My first glimpse of the ineptitude of current US public diplomacy was a Fourth of July party thrown by the American Embassy in Berlin in 2003. The setting was a lovely garden, but America’s many culinary traditions were represented by Burger King, KFC, and Pepsi; and her rich cultural heritage was summed up in a medley of Motown hits performed by a military band in a style best described as latter-day minstrel.
Now jaded, I ponder the pathetic US pavilion at Expo 2010 in Shanghai, and shrug. This is how my country presents itself these days, and when the world reacts with bewilderment and scorn, the Obama administration seems no more perturbed than its predecessor.
The pavilion’s motto, “Rising to the Challenge,” should be followed by a “Not.” The $61 million building itself is sleek but ordinary, indistinguishable from a million similar ones in suburban office parks all over the world. The exhibition is dominated by workaday booths bearing corporate logos. The theater shows a single film, a feel-good piece about a rainbow of “diverse” Americans planting a garden in the inner city. And (shades of Berlin) the food court hosts Pizza Hut and KFC ... both of which already exist on the streets of Shanghai.
I gather there will be some good musical performances, by Herbie Hancock and other esteemed performers. Let’s hope they don’t mug and cavort like that military band in Berlin.
During the Cold War, the United States devoted considerable resources to exhibitions, the most famous being the 1959 American National Exhibition held in Moscow’s Sokolniki Park. On that occasion, 2.7 million Soviet visitors were regaled, not only with free Pepsi, but also with a 78-foot-high geodesic dome; a collection of abstract and representational American paintings; Edward Streichen’s Family of Man photos; Circarama (Disney’s movie-in-the-round); color TV; slides of the good life in the States; a Russian-language computer; books and magazines that were not for sale but could (with encouragement) be purloined; and of course, the model American kitchen in which Premier Nikita Khrushchev and Vice President Nixon debated the merits of their two systems.
I’m not suggesting we turn back the clock and try to dazzle the Chinese with our computers and microwaves. (They’ve seen them already; they built them.) But I am suggesting that public diplomacy is too important to be left to private players who are either self-interested, naive, or both. Of course, one might argue that it is also too important to be left to politicians. Back in 1959, Joe McCarthy’s successor on HUAC, Senator Francis E. Walter (D-PA), objected to the inclusion of abstract art on the ground that it was communistic “noodling.” As it happened, this was almost identical to the Soviet view; gazing upon John Marin’s Sea and Sky, Khrushchev commented: “It looks as though someone peed on the canvas.”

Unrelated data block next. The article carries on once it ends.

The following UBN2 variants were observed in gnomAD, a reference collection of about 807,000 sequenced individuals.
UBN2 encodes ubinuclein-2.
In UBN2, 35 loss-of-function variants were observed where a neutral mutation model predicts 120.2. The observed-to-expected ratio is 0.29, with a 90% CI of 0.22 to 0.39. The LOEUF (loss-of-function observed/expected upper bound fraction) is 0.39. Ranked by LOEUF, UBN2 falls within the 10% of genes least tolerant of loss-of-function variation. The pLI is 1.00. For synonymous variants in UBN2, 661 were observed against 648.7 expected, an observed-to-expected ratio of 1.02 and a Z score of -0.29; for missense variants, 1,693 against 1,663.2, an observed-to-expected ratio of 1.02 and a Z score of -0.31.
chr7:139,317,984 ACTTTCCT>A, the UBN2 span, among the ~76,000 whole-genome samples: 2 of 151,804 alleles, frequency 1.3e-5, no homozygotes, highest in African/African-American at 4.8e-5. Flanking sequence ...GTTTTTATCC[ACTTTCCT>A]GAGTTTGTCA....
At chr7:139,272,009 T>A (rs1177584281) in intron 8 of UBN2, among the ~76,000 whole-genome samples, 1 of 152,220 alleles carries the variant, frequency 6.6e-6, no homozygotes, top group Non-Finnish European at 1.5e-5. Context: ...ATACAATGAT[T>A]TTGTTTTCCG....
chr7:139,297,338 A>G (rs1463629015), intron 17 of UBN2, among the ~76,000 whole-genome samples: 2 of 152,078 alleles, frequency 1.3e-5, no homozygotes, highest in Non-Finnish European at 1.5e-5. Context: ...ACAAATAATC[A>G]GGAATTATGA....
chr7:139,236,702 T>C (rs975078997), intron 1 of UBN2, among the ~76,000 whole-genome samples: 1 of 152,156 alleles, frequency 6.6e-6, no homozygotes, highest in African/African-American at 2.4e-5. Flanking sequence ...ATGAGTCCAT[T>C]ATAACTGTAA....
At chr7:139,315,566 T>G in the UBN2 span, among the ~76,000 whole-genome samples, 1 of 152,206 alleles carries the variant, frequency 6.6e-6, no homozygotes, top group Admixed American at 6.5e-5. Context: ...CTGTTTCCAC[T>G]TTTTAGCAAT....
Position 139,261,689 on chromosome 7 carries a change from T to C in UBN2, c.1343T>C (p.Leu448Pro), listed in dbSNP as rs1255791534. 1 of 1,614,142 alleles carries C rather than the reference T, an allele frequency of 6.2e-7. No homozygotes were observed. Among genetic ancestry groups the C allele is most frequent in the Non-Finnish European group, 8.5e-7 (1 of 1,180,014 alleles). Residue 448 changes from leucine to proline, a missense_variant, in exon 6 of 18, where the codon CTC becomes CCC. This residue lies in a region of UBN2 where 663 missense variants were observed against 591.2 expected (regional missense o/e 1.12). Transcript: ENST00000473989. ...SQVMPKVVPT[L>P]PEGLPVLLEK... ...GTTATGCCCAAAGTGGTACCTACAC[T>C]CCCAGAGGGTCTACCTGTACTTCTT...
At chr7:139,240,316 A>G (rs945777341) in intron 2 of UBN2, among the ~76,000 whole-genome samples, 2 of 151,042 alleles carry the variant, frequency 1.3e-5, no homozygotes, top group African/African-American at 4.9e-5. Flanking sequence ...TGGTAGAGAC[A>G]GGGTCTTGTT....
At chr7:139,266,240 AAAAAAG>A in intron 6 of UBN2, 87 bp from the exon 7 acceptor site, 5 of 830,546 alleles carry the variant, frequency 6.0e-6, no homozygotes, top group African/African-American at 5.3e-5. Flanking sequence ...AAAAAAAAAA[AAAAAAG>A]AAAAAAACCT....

In the event, Nixon saved the day by arguing that “to withdraw any of the art at this point” would “run the risk of creating an American Pasternak.” That’s what we need now: someone capable of seeing the bigger picture. But that’s also what we aren’t getting, because ever since the triumphalist 1990s, the bipartisan consensus has been that the whole business of communicating with foreign populations is best left to the commercial media. One result, helped along by the Commerce Department and the Office of the US Trade Representative, has been a fivefold increase in the legal export of American entertainment, at a time when more than 60 percent of Americans think it contains too much graphic sex, violence, and sheer nastiness.
Another result has been a species of “public-private partnership” in which rhetoric about “competition” and “excellence” obscures a process partaking of neither. For a detailed account of the blinkered cronyism leading up to Expo 2010, see articles by journalist Adam Minter: here and here. See also the reply of Jose Villarreal, the Democratic fund-raiser credited with having rescued the project, which (as noted by several readers) addresses none of Minter’s substantive charges (click here).
Does any of this matter? The latest BBC poll suggests that China, with its $4.2 billion Expo extravaganza, is dropping in the world’s esteem; while America, with its half-baked contribution, is rising. Doubtless China’s global reputation depends less on having the biggest, shiniest, reddest pavilion than on its recent repression of minorities in Tibet and Xinjiang — especially when set against the election of America’s first African-American president.
Yet consider: officials expect an estimated 70 million people to attend Expo 2010, including millions of Chinese whose knowledge of America is aggressively restricted by their government. The one good thing I’ve heard about the US pavilion is that it is staffed by 160 Mandarin-speaking American college students. This was the key to success back in 1959: according to a great many former visitors, the best thing about that exhibition was the chance to converse freely with young Americans fluent in Russian.
Will that be the case in 2010? Are the “pavilion student ambassadors” prepared to converse not just about American consumer products but also about American political principles? If you think they should be, then you are already dissenting from the lackadaisical confusion that for several years now has passed for US public diplomacy.